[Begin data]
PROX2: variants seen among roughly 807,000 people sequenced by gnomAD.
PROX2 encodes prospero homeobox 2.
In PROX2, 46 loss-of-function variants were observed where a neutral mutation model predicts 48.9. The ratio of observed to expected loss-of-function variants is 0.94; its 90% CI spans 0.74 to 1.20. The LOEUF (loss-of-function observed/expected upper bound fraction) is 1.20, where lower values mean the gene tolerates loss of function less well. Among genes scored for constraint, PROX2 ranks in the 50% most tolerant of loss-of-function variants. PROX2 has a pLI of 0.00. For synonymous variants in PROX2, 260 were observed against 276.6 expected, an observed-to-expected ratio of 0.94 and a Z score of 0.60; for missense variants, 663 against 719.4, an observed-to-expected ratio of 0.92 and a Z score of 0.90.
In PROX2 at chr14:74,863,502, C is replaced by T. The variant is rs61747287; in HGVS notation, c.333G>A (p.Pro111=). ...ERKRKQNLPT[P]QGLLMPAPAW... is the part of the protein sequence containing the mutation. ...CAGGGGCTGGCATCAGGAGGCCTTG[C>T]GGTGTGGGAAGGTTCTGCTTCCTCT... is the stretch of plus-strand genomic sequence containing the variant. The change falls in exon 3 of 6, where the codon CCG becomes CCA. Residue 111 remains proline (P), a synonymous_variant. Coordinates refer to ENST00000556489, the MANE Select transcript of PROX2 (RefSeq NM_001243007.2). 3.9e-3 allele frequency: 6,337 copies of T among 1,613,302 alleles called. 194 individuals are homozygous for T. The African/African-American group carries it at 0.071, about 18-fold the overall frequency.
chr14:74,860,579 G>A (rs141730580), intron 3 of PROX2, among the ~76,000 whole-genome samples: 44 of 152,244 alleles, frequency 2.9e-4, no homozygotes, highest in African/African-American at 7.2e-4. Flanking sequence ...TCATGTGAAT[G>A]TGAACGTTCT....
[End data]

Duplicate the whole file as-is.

PROX2: variants seen among roughly 807,000 people sequenced by gnomAD.
PROX2 encodes prospero homeobox 2.
In PROX2, 46 loss-of-function variants were observed where a neutral mutation model predicts 48.9. The ratio of observed to expected loss-of-function variants is 0.94; its 90% CI spans 0.74 to 1.20. The LOEUF (loss-of-function observed/expected upper bound fraction) is 1.20, where lower values mean the gene tolerates loss of function less well. Among genes scored for constraint, PROX2 ranks in the 50% most tolerant of loss-of-function variants. PROX2 has a pLI of 0.00. For synonymous variants in PROX2, 260 were observed against 276.6 expected, an observed-to-expected ratio of 0.94 and a Z score of 0.60; for missense variants, 663 against 719.4, an observed-to-expected ratio of 0.92 and a Z score of 0.90.
In PROX2 at chr14:74,863,502, C is replaced by T. The variant is rs61747287; in HGVS notation, c.333G>A (p.Pro111=). ...ERKRKQNLPT[P]QGLLMPAPAW... is the part of the protein sequence containing the mutation. ...CAGGGGCTGGCATCAGGAGGCCTTG[C>T]GGTGTGGGAAGGTTCTGCTTCCTCT... is the stretch of plus-strand genomic sequence containing the variant. The change falls in exon 3 of 6, where the codon CCG becomes CCA. Residue 111 remains proline (P), a synonymous_variant. Coordinates refer to ENST00000556489, the MANE Select transcript of PROX2 (RefSeq NM_001243007.2). 3.9e-3 allele frequency: 6,337 copies of T among 1,613,302 alleles called. 194 individuals are homozygous for T. The African/African-American group carries it at 0.071, about 18-fold the overall frequency.
chr14:74,860,579 G>A (rs141730580), intron 3 of PROX2, among the ~76,000 whole-genome samples: 44 of 152,244 alleles, frequency 2.9e-4, no homozygotes, highest in African/African-American at 7.2e-4. Flanking sequence ...TCATGTGAAT[G>A]TGAACGTTCT....